I looked at him and thought that is interesting to hear from a small boy. I stood behind him and his bushy hair was ouitlined by the fire in the Sundance corral as they went in. I took him back to the camp after a few songs where the dancers began to dance from their spot against the corral to the center pole. This boy had learned the song and sang it and he surprised me with his knowledge at such a young age. After awhile we made our way back to the camp and he was so tired, I carried him the last part of the way and he had fallen asleep in my arms and his mother told me to put him in the wall tent.

    I could see she had come prepared to camp as there were bags of clothes in the tent to cover them in case the weather changed and extra blankets. She had boiled water and had washed up the dishes and put the food that left away in a cooler and was getting ready to sleep. The rest of the family had all gone to their own places and were home, none of them had returned to the camp. It was late when I finally got home.

    Over the three days I would see Hawk running around the Sundance grounds with the other kids off in the distance.Just beofre sunrise you there early morning to watch Sundancers get up early to greet the sunrise and came out of corral for few minutes to wipe their faces with a nearly dry damp cloth and to brush sagebrush against their skin, or to use large cottonwood tree leaves to refresh themselves.

    Hawk would be there to watch them running out to touch each one of them, somehow he figured they would bring him good luck if he did this and each morning he would do this. His hair was really getting bushy, it made him look like a porcupine in the early morning sun.

    His mother had made sure that he was there for sundance both times this summer camping out to give him the experience and to myself it was a matter of tradition with her. She is not very old maybe 28 or 30, something like that. Anyway it surprised me to see her their with her two kids.

    School is starting next week and seeing kids getting theiri school things I thought of Hawk and the interesting things he would bring to school with him from what he had seen at Sundance, but then again he was a quiet boy and maybe he wouldn’t say anything. He is one of those kind of kids you see that you know from they way they are they are quiet, but have large eyes and study everything, gathering in all they see and storing it away. He had a knowingness about him that exceeded his 8 years and you could see it in his eyes.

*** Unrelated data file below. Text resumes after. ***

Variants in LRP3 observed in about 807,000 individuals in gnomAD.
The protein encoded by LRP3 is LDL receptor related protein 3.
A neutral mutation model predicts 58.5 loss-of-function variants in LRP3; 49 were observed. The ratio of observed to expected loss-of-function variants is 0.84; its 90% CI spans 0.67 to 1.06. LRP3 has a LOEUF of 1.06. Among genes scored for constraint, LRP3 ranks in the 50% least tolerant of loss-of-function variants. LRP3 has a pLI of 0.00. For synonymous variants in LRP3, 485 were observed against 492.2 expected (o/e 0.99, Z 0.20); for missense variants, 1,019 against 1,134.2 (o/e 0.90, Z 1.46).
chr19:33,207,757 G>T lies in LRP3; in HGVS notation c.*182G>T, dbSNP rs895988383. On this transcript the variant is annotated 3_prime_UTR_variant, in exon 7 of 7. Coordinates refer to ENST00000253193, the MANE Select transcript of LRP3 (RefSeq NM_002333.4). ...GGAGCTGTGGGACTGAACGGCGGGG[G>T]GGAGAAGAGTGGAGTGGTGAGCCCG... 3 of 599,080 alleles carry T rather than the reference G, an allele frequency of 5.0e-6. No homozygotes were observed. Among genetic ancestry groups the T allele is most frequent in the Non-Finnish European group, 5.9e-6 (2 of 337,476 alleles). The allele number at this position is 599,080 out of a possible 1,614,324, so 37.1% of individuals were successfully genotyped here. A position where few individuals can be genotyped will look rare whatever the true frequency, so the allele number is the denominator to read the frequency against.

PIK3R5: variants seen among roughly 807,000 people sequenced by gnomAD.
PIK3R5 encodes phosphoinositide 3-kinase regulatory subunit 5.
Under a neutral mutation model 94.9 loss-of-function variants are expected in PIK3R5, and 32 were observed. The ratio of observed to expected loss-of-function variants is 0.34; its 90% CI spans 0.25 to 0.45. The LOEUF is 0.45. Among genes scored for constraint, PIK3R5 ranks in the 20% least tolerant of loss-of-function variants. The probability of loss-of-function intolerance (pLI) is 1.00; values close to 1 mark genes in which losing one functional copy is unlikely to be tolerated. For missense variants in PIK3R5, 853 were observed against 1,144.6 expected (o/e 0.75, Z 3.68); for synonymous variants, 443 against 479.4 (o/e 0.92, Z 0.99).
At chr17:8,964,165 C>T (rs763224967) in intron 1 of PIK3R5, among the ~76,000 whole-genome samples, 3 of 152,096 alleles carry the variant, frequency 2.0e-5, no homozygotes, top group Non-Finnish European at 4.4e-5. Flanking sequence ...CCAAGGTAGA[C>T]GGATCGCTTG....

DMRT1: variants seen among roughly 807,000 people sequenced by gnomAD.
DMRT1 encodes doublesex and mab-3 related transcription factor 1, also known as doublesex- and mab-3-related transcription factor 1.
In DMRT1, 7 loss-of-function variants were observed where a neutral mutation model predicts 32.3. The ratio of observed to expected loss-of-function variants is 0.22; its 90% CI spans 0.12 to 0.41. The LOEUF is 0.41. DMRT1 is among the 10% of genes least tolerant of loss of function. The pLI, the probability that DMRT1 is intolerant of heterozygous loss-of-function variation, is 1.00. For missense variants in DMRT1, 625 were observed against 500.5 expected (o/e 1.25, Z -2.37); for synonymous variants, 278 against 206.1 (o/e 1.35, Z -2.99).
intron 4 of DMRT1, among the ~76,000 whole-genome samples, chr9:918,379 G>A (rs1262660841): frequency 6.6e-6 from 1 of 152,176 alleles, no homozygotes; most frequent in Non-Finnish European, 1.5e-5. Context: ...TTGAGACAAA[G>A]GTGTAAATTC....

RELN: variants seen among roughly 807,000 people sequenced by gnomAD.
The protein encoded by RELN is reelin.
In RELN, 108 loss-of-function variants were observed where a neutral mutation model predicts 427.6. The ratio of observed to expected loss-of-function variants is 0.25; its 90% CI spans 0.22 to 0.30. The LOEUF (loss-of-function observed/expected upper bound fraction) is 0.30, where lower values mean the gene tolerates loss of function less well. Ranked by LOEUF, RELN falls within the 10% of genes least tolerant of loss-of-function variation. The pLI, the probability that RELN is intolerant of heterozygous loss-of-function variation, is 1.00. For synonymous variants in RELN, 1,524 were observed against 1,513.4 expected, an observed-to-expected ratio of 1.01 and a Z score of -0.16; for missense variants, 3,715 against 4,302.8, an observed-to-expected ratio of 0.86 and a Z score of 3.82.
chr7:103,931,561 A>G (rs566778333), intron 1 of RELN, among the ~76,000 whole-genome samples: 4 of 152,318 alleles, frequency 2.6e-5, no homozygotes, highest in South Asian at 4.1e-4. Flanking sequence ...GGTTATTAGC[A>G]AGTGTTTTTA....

At tribal court this morning they had review hearings on civil cases and i as I am a tribal court advocate I went. It brought out many people and as they do they visit with one another. I saw and old friend and we talked a few minutes about how indian people don’t go by their right names. She said there is one right there, he is a Fast Horse, but everyone knows him as Curly Toes. I asked her how he got that name, she told me at the old boarding school they used to take showers on tile floors and they would get slippery so he would scrunch up his toes to try to grip the floor so he wouldn’t slip so he got the name Curly toes. Another, that one she pointed to an old woman, her name is Bullethead, but when she was young her husband used to beat her and one day she got tired of it and hauled off and hit him knocking him down, now everyone calls her Knuckles.

    Then she pointed to a young boy running around outside in the parking lot and said his name is Hawk, but the people from here call him Indian. I asked her how come they call him Indian. She said because his mother and her 2 kids live like old Indians….outside. What to do you mean outside? She looked at me and said you don’t know. I said no. She told me they call him Indian because he has seen everything through old eyes, they have no home, they don’t have a place. they stay at the Sun Dance grounds, that is where they live…that is their home…they are homeless.

    I looked at him and he was playing the boy with the bushy head, the one the people call him Indian and he is homeless on the rez…. [email protected]

  • #2
    Goot one!!
    I'm innocent I tell ya!!!